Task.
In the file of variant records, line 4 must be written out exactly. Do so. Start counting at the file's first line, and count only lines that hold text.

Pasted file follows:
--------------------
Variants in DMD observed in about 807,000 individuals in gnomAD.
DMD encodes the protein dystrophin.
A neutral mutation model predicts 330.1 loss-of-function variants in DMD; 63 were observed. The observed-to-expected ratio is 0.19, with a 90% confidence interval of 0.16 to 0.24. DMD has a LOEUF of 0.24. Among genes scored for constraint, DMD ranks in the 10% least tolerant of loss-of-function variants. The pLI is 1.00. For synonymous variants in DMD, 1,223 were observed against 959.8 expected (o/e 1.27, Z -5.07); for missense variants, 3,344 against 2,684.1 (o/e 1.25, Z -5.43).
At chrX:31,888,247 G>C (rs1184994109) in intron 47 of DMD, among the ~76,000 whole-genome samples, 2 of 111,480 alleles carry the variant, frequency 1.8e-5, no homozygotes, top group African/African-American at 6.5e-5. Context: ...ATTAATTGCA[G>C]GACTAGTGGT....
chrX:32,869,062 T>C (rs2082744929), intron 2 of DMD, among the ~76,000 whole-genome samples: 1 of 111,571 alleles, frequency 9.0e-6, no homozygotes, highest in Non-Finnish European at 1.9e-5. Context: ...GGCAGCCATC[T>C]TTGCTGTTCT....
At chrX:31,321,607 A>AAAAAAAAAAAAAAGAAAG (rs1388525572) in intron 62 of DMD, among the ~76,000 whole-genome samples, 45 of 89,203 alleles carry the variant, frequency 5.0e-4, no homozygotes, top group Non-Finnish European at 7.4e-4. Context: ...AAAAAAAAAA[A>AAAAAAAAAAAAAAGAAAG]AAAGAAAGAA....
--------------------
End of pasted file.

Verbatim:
At chrX:31,888,247 G>C (rs1184994109) in intron 47 of DMD, among the ~76,000 whole-genome samples, 2 of 111,480 alleles carry the variant, frequency 1.8e-5, no homozygotes, top group African/African-American at 6.5e-5. Context: ...ATTAATTGCA[G>C]GACTAGTGGT....